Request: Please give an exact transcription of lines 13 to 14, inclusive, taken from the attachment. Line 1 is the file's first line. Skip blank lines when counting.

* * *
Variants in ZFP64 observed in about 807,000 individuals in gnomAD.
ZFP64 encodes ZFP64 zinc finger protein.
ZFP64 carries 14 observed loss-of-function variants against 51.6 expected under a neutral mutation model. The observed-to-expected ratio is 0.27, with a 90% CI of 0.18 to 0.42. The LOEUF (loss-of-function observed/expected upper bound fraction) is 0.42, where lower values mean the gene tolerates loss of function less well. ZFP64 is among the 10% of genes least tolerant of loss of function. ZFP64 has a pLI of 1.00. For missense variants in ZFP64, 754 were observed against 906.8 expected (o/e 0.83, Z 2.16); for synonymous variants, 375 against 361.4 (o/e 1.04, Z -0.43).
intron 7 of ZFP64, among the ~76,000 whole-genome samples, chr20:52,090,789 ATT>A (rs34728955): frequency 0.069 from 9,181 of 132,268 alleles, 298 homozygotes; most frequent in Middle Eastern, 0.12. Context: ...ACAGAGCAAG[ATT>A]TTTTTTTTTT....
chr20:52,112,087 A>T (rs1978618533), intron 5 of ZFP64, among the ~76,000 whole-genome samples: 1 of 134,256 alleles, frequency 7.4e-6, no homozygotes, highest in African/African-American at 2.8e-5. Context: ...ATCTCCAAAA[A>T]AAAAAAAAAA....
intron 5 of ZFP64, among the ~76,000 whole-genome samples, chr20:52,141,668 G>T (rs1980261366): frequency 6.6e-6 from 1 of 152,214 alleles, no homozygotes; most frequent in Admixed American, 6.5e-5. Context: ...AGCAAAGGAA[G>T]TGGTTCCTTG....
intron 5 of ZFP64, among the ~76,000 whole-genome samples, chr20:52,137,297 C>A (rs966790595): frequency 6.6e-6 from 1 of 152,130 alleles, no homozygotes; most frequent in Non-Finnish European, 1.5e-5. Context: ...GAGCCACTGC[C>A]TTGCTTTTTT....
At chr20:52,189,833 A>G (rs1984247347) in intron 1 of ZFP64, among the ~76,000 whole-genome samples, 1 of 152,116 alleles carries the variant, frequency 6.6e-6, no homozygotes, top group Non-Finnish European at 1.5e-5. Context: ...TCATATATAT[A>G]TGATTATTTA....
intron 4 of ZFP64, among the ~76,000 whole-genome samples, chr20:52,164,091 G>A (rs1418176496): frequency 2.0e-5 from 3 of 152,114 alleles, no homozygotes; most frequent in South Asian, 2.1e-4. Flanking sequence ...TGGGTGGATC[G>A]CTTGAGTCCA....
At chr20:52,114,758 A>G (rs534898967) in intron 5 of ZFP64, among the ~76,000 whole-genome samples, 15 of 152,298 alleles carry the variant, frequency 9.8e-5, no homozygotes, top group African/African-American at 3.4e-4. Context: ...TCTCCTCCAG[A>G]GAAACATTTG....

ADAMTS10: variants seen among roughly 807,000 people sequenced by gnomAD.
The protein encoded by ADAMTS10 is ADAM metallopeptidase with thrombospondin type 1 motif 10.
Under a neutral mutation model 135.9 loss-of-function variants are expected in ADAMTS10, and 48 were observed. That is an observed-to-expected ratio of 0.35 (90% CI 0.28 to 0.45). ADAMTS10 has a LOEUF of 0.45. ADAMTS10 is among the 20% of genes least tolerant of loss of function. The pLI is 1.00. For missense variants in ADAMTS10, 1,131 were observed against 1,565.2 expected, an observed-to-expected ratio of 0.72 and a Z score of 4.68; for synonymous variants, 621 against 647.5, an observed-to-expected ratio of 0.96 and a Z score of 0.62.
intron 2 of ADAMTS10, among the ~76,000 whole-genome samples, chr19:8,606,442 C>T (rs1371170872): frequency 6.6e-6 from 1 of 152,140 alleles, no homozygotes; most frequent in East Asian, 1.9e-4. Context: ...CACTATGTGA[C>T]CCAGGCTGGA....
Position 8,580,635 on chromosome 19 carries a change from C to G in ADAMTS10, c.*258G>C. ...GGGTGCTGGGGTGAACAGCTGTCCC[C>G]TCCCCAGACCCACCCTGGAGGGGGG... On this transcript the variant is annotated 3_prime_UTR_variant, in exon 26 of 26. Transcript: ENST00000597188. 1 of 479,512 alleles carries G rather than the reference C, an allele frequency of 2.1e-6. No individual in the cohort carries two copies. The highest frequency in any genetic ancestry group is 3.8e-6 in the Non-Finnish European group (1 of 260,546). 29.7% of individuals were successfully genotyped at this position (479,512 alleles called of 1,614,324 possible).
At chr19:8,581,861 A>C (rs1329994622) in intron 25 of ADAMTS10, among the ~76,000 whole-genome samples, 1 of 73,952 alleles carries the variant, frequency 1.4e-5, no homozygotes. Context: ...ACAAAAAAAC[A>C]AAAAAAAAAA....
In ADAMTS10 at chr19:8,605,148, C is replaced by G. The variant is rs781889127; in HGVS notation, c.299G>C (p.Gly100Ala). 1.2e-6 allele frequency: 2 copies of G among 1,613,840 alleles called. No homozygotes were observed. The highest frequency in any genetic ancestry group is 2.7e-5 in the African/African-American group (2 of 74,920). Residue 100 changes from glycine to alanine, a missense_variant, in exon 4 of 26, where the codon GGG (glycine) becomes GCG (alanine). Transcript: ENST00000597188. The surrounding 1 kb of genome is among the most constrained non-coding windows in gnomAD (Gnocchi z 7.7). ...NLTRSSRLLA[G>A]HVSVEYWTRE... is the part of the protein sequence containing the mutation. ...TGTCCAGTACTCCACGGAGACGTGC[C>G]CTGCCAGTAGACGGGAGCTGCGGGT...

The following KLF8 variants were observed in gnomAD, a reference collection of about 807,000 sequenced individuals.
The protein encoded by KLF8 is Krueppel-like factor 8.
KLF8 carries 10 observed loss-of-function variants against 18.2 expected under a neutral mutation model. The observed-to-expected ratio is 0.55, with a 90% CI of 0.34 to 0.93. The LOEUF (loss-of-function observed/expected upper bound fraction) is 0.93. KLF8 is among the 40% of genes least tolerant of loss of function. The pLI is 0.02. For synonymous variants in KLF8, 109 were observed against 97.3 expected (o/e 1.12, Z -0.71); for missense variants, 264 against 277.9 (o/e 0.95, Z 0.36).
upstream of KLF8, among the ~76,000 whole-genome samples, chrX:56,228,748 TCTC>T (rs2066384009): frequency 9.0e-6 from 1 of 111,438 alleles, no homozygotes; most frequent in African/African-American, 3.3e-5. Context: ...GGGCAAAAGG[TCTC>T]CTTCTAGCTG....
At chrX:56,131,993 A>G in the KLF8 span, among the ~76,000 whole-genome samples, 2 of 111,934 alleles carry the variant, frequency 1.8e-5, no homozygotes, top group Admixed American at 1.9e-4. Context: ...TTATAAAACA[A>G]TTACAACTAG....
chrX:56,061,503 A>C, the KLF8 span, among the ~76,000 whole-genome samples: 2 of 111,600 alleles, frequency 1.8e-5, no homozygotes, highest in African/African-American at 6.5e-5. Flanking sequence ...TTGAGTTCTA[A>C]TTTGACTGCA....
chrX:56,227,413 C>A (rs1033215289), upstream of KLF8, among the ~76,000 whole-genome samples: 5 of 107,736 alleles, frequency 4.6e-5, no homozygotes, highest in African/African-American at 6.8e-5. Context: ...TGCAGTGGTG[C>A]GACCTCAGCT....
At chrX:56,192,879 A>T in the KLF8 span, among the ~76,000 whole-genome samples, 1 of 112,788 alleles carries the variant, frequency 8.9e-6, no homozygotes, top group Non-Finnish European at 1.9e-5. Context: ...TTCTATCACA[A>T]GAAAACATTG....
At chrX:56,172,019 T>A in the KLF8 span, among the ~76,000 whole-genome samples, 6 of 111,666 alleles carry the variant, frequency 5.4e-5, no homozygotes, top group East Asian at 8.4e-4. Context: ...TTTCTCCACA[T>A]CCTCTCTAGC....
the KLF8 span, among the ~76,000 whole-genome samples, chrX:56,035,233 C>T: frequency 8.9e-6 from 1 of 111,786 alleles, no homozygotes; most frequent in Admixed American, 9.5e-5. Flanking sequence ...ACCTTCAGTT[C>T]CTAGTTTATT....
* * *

Under a neutral mutation model 135.9 loss-of-function variants are expected in ADAMTS10, and 48 were observed. That is an observed-to-expected ratio of 0.35 (90% CI 0.28 to 0.45). ADAMTS10 has a LOEUF of 0.45. ADAMTS10 is among the 20% of genes least tolerant of loss of function. The pLI is 1.00. For missense variants in ADAMTS10, 1,131 were observed against 1,565.2 expected, an observed-to-expected ratio of 0.72 and a Z score of 4.68; for synonymous variants, 621 against 647.5, an observed-to-expected ratio of 0.96 and a Z score of 0.62.
intron 2 of ADAMTS10, among the ~76,000 whole-genome samples, chr19:8,606,442 C>T (rs1371170872): frequency 6.6e-6 from 1 of 152,140 alleles, no homozygotes; most frequent in East Asian, 1.9e-4. Context: ...CACTATGTGA[C>T]CCAGGCTGGA....